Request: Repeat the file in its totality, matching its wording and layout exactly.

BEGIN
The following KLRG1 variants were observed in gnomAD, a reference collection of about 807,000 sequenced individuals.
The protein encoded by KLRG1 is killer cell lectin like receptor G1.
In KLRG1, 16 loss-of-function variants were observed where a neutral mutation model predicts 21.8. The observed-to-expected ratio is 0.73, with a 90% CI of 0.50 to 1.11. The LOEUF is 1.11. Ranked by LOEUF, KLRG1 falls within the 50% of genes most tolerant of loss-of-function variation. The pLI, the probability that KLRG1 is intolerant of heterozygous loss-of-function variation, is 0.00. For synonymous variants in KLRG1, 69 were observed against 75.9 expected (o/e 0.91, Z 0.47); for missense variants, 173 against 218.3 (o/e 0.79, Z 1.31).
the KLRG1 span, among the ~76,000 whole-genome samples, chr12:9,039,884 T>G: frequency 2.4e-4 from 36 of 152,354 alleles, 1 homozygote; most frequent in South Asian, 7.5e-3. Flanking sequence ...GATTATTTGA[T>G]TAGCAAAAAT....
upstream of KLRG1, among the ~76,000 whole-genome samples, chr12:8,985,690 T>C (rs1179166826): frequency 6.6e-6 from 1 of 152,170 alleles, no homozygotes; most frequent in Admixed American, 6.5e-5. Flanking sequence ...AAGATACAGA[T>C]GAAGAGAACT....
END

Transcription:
The following KLRG1 variants were observed in gnomAD, a reference collection of about 807,000 sequenced individuals.
The protein encoded by KLRG1 is killer cell lectin like receptor G1.
In KLRG1, 16 loss-of-function variants were observed where a neutral mutation model predicts 21.8. The observed-to-expected ratio is 0.73, with a 90% CI of 0.50 to 1.11. The LOEUF is 1.11. Ranked by LOEUF, KLRG1 falls within the 50% of genes most tolerant of loss-of-function variation. The pLI, the probability that KLRG1 is intolerant of heterozygous loss-of-function variation, is 0.00. For synonymous variants in KLRG1, 69 were observed against 75.9 expected (o/e 0.91, Z 0.47); for missense variants, 173 against 218.3 (o/e 0.79, Z 1.31).
the KLRG1 span, among the ~76,000 whole-genome samples, chr12:9,039,884 T>G: frequency 2.4e-4 from 36 of 152,354 alleles, 1 homozygote; most frequent in South Asian, 7.5e-3. Flanking sequence ...GATTATTTGA[T>G]TAGCAAAAAT....
upstream of KLRG1, among the ~76,000 whole-genome samples, chr12:8,985,690 T>C (rs1179166826): frequency 6.6e-6 from 1 of 152,170 alleles, no homozygotes; most frequent in Admixed American, 6.5e-5. Flanking sequence ...AAGATACAGA[T>C]GAAGAGAACT....